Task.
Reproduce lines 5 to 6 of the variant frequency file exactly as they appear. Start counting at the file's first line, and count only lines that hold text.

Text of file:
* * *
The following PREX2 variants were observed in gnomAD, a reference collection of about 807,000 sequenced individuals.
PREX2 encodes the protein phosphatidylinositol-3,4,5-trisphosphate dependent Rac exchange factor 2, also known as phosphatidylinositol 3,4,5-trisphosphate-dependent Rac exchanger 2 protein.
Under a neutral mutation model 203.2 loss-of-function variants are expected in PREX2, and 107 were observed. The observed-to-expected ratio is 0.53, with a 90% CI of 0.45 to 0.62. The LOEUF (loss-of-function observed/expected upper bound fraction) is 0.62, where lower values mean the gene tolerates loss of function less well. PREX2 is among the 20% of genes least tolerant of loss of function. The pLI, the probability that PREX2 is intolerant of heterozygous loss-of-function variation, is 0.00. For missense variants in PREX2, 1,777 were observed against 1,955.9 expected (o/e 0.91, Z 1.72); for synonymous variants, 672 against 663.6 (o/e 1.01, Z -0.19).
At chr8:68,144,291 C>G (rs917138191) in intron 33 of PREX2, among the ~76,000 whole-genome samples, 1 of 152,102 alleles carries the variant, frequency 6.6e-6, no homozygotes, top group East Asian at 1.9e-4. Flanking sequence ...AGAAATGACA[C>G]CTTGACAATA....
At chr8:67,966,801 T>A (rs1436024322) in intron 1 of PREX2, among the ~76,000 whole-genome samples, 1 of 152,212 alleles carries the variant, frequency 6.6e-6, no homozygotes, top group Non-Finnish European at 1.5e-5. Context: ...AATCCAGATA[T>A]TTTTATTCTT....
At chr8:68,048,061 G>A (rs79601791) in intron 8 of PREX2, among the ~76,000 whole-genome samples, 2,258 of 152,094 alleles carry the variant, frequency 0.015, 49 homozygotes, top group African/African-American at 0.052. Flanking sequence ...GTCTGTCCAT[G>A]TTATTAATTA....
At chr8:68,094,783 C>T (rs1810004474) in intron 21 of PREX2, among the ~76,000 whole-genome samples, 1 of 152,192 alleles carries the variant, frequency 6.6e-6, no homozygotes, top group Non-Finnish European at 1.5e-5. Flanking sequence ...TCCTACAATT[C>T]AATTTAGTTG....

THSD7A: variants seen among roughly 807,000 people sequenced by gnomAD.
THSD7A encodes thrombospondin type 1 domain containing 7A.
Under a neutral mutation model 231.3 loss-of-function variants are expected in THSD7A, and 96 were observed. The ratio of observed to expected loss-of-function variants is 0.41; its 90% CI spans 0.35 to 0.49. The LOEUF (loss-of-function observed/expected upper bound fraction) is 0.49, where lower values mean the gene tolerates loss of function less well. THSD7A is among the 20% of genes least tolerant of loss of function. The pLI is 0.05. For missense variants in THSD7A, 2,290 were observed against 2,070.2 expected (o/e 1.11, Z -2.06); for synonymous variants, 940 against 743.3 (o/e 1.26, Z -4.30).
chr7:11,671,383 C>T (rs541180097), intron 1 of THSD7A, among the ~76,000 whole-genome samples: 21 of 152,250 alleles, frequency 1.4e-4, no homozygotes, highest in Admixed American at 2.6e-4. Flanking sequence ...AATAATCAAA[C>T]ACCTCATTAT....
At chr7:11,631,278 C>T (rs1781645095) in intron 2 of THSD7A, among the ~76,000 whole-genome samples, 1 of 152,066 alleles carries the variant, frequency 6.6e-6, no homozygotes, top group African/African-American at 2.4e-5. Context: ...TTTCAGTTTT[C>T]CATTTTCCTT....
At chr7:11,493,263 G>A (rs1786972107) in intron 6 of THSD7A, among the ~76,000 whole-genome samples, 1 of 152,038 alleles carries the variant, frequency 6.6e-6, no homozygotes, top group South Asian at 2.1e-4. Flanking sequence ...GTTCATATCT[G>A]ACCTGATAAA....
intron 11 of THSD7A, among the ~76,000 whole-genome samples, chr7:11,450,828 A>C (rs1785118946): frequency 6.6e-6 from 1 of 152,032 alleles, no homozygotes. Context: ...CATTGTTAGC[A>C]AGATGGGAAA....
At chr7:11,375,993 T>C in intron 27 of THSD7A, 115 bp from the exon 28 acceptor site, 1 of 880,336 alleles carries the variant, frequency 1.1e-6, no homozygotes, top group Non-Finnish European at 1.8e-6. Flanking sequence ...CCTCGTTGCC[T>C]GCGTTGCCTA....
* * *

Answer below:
At chr8:67,966,801 T>A (rs1436024322) in intron 1 of PREX2, among the ~76,000 whole-genome samples, 1 of 152,212 alleles carries the variant, frequency 6.6e-6, no homozygotes, top group Non-Finnish European at 1.5e-5. Context: ...AATCCAGATA[T>A]TTTTATTCTT....
At chr8:68,048,061 G>A (rs79601791) in intron 8 of PREX2, among the ~76,000 whole-genome samples, 2,258 of 152,094 alleles carry the variant, frequency 0.015, 49 homozygotes, top group African/African-American at 0.052. Flanking sequence ...GTCTGTCCAT[G>A]TTATTAATTA....